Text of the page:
Either your concrete slab does not have a vapor retarder to protect it from these water intrusion conditions or the vapor retarder wasn’t installed correctly or the vapor retarder used is so old that it has degraded and is allowing water to reach the concrete slab.

      The solutions are like the suggestions in the above answers to the other questions. You need to determine the source of the water. There is a chance if you dig a french trench drain around the perimeter of the house you will see evidence of where the water is coming from. There is a chance that installing a trench drain might divert the water to the storm drains if done properly. It might be necessary to remove the tile floor and repair the crack and install an epoxy moisture migration system to then bond the tile to it.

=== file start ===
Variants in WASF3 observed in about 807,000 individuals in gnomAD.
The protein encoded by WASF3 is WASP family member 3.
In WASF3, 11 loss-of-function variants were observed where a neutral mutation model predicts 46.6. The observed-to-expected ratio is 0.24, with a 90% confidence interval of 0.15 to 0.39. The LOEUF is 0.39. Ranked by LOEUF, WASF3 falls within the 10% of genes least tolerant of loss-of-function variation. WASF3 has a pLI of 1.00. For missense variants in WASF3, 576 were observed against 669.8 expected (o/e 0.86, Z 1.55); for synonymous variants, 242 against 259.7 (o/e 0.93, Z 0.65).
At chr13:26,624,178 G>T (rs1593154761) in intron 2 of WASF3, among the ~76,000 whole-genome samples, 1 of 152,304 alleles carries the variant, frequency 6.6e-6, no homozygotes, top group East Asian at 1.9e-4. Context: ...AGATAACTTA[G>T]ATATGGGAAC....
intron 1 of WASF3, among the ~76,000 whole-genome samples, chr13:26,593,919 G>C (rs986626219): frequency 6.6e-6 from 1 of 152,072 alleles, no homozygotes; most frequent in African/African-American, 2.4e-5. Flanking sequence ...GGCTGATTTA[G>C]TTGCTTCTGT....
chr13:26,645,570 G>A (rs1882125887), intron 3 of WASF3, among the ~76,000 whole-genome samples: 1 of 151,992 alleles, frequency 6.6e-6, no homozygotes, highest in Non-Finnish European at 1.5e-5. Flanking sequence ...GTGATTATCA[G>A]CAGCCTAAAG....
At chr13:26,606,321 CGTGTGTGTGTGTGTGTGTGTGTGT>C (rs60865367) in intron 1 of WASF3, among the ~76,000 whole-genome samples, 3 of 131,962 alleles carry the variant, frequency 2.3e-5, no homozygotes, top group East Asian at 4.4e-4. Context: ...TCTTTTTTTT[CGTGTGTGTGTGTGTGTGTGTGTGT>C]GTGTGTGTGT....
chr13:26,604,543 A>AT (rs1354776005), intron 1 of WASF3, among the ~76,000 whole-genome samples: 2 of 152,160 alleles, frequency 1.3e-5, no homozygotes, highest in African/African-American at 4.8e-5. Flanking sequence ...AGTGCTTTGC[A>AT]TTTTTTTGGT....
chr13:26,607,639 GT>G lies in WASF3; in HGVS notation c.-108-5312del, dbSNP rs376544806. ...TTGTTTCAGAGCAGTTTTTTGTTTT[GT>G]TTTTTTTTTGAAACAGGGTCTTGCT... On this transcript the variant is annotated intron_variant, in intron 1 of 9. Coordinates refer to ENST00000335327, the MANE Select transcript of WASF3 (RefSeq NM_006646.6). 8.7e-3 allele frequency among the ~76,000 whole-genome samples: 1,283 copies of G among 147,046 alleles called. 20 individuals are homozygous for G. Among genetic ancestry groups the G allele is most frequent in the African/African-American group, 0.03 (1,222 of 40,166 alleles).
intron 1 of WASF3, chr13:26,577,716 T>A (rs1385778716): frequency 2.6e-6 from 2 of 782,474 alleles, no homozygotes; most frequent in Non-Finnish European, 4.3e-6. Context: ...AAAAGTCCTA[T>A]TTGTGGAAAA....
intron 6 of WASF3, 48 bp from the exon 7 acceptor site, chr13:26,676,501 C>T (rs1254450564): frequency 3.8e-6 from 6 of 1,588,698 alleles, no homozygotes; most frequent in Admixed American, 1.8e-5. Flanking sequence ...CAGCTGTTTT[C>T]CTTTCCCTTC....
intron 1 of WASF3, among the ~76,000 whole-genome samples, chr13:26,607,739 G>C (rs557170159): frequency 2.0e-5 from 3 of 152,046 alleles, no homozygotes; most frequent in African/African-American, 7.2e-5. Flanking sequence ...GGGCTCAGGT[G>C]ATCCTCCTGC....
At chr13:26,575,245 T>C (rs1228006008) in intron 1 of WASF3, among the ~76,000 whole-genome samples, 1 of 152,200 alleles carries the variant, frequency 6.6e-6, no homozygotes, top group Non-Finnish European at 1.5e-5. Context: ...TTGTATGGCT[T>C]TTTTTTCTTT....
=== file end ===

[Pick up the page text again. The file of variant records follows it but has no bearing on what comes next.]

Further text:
I would first file a claim with your insurance company. They can recommend a water damage restoration company who might be equipped to remediate this for you. Maybe or maybe not it will be covered by the insurance company.

  3. Seshu Krishnaswamy says:

    House flooring same level as groung level outside. Ground water level up in rainy season, as seen in adjacent well.
    Have installed a pump to lower well water level, expecting it should reduce water pressure below flooring.

    • Donato Pompo says:

      The pump in the well probably won’t make a difference as there is likely an abundance of water within the water table.

      You will probably have to install French trench drains around the perimeter of the house to redirect the water to a drainage area.